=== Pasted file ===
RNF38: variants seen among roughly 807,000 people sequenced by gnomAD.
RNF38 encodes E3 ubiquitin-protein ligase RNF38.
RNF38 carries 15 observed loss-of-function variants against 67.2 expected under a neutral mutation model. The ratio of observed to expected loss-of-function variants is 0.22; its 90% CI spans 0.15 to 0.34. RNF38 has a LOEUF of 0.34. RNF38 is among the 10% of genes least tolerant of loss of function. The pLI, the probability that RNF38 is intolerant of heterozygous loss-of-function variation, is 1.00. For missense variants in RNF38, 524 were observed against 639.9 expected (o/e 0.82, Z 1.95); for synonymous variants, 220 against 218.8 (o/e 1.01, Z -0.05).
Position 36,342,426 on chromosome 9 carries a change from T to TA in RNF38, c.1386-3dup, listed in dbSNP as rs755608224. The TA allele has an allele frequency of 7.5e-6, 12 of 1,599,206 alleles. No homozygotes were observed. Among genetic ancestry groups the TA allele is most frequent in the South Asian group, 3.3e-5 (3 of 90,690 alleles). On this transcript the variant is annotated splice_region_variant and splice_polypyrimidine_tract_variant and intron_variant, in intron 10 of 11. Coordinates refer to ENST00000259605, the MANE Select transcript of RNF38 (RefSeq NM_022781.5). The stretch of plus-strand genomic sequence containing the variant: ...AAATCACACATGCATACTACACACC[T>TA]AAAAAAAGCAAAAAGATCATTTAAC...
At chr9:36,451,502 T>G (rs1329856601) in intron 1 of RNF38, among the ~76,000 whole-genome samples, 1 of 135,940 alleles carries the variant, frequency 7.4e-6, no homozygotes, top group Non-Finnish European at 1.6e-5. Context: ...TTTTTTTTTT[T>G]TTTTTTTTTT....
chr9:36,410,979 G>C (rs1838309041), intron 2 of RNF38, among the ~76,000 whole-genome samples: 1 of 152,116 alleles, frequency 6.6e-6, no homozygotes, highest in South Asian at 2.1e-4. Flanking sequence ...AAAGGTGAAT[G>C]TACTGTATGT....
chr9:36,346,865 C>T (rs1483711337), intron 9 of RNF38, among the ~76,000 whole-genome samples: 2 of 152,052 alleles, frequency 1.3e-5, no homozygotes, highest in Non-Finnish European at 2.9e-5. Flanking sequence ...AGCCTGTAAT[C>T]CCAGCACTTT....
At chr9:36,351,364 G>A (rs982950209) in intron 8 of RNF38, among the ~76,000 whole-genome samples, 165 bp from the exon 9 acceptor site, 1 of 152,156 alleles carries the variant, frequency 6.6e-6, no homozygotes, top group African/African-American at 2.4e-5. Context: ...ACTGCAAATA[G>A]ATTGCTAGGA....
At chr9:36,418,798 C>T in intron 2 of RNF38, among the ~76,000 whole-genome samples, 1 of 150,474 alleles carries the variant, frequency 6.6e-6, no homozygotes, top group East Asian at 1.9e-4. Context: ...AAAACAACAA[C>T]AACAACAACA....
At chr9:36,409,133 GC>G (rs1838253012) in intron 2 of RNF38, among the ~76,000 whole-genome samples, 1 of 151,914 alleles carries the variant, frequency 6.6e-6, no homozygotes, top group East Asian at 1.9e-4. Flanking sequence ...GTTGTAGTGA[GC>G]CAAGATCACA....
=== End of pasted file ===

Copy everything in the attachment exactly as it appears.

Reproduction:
RNF38: variants seen among roughly 807,000 people sequenced by gnomAD.
RNF38 encodes E3 ubiquitin-protein ligase RNF38.
RNF38 carries 15 observed loss-of-function variants against 67.2 expected under a neutral mutation model. The ratio of observed to expected loss-of-function variants is 0.22; its 90% CI spans 0.15 to 0.34. RNF38 has a LOEUF of 0.34. RNF38 is among the 10% of genes least tolerant of loss of function. The pLI, the probability that RNF38 is intolerant of heterozygous loss-of-function variation, is 1.00. For missense variants in RNF38, 524 were observed against 639.9 expected (o/e 0.82, Z 1.95); for synonymous variants, 220 against 218.8 (o/e 1.01, Z -0.05).
Position 36,342,426 on chromosome 9 carries a change from T to TA in RNF38, c.1386-3dup, listed in dbSNP as rs755608224. The TA allele has an allele frequency of 7.5e-6, 12 of 1,599,206 alleles. No homozygotes were observed. Among genetic ancestry groups the TA allele is most frequent in the South Asian group, 3.3e-5 (3 of 90,690 alleles). On this transcript the variant is annotated splice_region_variant and splice_polypyrimidine_tract_variant and intron_variant, in intron 10 of 11. Coordinates refer to ENST00000259605, the MANE Select transcript of RNF38 (RefSeq NM_022781.5). The stretch of plus-strand genomic sequence containing the variant: ...AAATCACACATGCATACTACACACC[T>TA]AAAAAAAGCAAAAAGATCATTTAAC...
At chr9:36,451,502 T>G (rs1329856601) in intron 1 of RNF38, among the ~76,000 whole-genome samples, 1 of 135,940 alleles carries the variant, frequency 7.4e-6, no homozygotes, top group Non-Finnish European at 1.6e-5. Context: ...TTTTTTTTTT[T>G]TTTTTTTTTT....
chr9:36,410,979 G>C (rs1838309041), intron 2 of RNF38, among the ~76,000 whole-genome samples: 1 of 152,116 alleles, frequency 6.6e-6, no homozygotes, highest in South Asian at 2.1e-4. Flanking sequence ...AAAGGTGAAT[G>C]TACTGTATGT....
chr9:36,346,865 C>T (rs1483711337), intron 9 of RNF38, among the ~76,000 whole-genome samples: 2 of 152,052 alleles, frequency 1.3e-5, no homozygotes, highest in Non-Finnish European at 2.9e-5. Flanking sequence ...AGCCTGTAAT[C>T]CCAGCACTTT....
At chr9:36,351,364 G>A (rs982950209) in intron 8 of RNF38, among the ~76,000 whole-genome samples, 165 bp from the exon 9 acceptor site, 1 of 152,156 alleles carries the variant, frequency 6.6e-6, no homozygotes, top group African/African-American at 2.4e-5. Context: ...ACTGCAAATA[G>A]ATTGCTAGGA....
At chr9:36,418,798 C>T in intron 2 of RNF38, among the ~76,000 whole-genome samples, 1 of 150,474 alleles carries the variant, frequency 6.6e-6, no homozygotes, top group East Asian at 1.9e-4. Context: ...AAAACAACAA[C>T]AACAACAACA....
At chr9:36,409,133 GC>G (rs1838253012) in intron 2 of RNF38, among the ~76,000 whole-genome samples, 1 of 151,914 alleles carries the variant, frequency 6.6e-6, no homozygotes, top group East Asian at 1.9e-4. Flanking sequence ...GTTGTAGTGA[GC>G]CAAGATCACA....